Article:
UN Agrees to Advance Women’s Rights through Accountability

States meeting at the Commission on the Status of Women call for end to impunity for perpetrators of grave crimes against women and girls.

“There can be no peace, no progress, as long as there is discrimination and violence against women”said outgoing head of UN Women Michelle Bachelet upon the conclusion of the 2013 UN Commission on the Status of Women in New York on 15 March.

The adoption by the Commission’s 45 member states of a range of provisions in the outcome document was widely hailed as a significant advance towards the elimination and prevention of all forms of violence against women and girls. Its last meeting in 2012 had closed without agreement.

Accountability for grave crimes against women and girls
Notably, states agreed to include references to the International Criminal Court (ICC) and the urgent need for accountability for grave crimes against women and girls:

  • “The Commission recalls the inclusion of gender-related crimes and crimes of sexual violence in the Rome Statute of the ICC, as well as the recognition by the ad hoc international criminal tribunals that rape and other forms of sexual violence can constitute a war crime, a crime against humanity or a constitutive act with respect to genocide or torture.” (5)
  • “End impunity by ensuring accountability and punishing perpetrators of the most serious crimes against women and girls under national and international law, and stressing the need for the alleged perpetrators of those crimes to be held accountable under national justice or, where applicable, international justice.” (A.n)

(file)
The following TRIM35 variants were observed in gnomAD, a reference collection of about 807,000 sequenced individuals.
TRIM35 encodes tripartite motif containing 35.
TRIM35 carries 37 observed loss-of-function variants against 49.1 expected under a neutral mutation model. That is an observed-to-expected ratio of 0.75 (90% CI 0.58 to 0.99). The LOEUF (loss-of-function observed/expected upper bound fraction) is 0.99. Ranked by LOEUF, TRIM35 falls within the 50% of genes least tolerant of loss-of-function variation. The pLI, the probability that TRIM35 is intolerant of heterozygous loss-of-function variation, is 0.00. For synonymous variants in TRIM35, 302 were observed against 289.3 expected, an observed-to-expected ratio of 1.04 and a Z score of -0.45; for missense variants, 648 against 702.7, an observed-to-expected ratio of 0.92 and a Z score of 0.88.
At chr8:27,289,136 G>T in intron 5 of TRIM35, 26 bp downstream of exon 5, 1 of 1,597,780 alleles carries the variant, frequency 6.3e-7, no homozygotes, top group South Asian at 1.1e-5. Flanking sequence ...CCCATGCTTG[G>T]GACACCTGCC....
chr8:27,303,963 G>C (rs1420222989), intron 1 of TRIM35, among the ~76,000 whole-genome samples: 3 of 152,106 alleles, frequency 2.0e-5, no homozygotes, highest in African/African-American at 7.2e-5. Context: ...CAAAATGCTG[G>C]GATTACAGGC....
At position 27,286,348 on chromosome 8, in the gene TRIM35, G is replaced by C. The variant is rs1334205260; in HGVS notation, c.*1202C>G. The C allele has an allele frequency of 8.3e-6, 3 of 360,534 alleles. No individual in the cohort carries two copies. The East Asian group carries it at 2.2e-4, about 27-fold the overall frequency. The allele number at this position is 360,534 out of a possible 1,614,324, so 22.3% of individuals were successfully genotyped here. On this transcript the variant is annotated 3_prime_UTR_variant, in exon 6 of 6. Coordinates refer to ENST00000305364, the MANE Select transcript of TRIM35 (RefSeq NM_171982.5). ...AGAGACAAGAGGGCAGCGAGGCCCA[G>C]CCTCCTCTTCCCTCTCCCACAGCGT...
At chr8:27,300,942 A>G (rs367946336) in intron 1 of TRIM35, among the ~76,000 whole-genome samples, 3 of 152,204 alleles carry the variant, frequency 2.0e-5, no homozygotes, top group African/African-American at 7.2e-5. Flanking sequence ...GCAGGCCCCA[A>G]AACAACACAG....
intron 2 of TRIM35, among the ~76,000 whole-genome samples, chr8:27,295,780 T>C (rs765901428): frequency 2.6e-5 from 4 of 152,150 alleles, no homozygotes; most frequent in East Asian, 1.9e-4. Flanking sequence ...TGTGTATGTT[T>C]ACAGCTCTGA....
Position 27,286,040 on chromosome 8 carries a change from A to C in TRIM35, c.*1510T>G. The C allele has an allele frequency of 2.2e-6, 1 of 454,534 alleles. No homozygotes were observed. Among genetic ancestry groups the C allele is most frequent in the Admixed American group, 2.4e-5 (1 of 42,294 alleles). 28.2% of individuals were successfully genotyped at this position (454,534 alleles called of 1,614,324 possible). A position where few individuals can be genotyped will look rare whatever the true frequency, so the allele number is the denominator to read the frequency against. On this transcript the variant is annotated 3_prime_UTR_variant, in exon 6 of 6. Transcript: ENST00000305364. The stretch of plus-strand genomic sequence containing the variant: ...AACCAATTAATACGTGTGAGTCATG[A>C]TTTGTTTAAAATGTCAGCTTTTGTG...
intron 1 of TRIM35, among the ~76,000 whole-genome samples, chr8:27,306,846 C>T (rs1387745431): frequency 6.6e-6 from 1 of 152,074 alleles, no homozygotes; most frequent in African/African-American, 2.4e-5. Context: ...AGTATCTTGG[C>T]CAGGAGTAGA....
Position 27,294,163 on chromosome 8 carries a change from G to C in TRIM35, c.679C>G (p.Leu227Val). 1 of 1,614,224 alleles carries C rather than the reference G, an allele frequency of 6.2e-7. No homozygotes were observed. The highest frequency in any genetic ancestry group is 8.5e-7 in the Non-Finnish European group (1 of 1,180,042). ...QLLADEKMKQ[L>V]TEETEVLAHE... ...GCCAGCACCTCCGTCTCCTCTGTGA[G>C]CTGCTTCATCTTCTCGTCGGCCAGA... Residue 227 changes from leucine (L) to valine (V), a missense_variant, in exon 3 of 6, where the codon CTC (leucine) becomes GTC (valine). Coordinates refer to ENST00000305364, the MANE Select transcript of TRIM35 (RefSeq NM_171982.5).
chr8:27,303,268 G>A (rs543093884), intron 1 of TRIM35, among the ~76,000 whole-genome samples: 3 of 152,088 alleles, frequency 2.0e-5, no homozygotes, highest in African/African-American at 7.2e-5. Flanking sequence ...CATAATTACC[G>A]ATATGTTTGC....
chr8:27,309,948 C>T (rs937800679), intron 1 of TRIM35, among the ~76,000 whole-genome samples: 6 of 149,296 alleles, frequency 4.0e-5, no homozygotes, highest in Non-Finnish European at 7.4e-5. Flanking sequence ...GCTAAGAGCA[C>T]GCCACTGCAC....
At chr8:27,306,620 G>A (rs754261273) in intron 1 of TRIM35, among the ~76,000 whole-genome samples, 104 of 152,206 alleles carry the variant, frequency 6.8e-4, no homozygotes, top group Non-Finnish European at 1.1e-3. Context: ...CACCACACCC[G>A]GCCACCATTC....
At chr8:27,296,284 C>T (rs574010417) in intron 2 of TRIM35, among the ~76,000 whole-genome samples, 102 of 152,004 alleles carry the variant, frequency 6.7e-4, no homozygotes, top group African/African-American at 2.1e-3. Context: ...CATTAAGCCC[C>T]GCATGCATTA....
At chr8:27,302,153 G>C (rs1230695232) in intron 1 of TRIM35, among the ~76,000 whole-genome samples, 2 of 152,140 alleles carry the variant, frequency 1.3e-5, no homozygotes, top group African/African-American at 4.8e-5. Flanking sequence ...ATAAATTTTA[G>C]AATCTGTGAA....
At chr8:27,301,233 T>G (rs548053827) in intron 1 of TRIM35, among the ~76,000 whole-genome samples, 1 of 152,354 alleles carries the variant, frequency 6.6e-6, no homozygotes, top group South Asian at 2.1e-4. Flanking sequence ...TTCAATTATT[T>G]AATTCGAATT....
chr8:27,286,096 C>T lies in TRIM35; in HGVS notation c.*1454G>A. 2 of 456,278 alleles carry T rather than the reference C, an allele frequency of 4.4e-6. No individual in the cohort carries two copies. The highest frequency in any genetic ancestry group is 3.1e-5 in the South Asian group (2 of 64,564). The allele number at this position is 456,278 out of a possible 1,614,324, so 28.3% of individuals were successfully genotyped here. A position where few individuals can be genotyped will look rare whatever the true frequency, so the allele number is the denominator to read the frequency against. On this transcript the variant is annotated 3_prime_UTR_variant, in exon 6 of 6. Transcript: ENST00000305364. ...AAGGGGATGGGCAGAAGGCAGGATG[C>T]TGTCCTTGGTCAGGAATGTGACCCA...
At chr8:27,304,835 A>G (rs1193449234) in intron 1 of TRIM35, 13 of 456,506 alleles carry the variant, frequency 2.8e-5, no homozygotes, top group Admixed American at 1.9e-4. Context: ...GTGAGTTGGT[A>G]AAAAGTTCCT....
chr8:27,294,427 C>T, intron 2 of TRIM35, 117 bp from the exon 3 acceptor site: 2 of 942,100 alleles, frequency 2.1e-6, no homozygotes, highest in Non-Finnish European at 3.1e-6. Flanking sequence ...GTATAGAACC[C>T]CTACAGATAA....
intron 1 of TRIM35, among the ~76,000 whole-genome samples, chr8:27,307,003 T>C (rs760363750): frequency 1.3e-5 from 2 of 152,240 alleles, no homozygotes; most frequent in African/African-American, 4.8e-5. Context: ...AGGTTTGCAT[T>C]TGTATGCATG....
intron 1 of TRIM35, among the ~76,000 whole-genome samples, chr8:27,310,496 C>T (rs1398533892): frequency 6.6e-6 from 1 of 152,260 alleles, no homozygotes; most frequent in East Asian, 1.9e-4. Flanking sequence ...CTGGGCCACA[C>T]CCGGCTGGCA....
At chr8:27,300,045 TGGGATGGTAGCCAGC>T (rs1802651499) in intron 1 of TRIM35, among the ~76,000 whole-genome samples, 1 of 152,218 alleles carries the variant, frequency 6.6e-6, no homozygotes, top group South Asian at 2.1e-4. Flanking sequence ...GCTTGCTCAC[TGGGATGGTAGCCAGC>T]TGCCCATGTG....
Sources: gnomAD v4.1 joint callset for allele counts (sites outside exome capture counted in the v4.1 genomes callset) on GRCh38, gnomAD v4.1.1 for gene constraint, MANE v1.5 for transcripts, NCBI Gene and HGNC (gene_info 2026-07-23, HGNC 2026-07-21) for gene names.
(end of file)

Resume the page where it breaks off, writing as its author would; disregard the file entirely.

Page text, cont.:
Crucial NGO advocacy 
Non-governmental organizations (NGOs) from around the world, including the Coalition, played an active and crucial role in the run-up to and during the Commission’s sessions, including through the submission of written and oral statements, attending meetings, and participating in panel discussions. NGOs also held and participated in a range of side events:

  • Coalition Program Director Jelena Pia-Comella spoke, along with John Washburn of the American Coalition for the ICC, at a panel discussion entitled ‘Prosecuting gender-based crimes before the ICC’ organized by the International Alliance of Women. Pia-Comella was also interviewedon African radio ‘la Voix de l’Amerique’ on the need to obtain justice for women, especially pertaining to the ICC Rome Statute.
  • Switzerland hosted a meeting with the Special Gender Advisor to the ICC’s Office of the Prosecutor, Brigid Inder.

What is the Commission? 
The UN Commission on the Status of Women is a subsidiary body (functional commission) of theUnited Nations Economic and Social Council (ECOSOC). It is the principal global policy-making body dedicated exclusively to gender equality and the advancement of women. Every year, the Commission’s member states and observers gather to evaluate progress on gender equality, identify challenges, set global standards and formulate concrete policies to promote gender equality and women’s empowerment worldwide.

What happens now?
The Commission’s next session will take place in 2014, and will focus on the challenges and achievements in the implementation of the Millennium Development Goals for women and girls, The Coalition will therefore play an active role in promoting recognition of the ever-increasinginterconnectedness between sustainable development and justice and the rule of law.

Where can I learn more?
Our gender justice webpage
The website of Women’s Initiatives for Gender Justice.
Watch Women’s Initiatives “Our Voices Matter” which features interviews with women victims/survivors of rape and other forms of sexual violence in the Democratic Republic of Congo.

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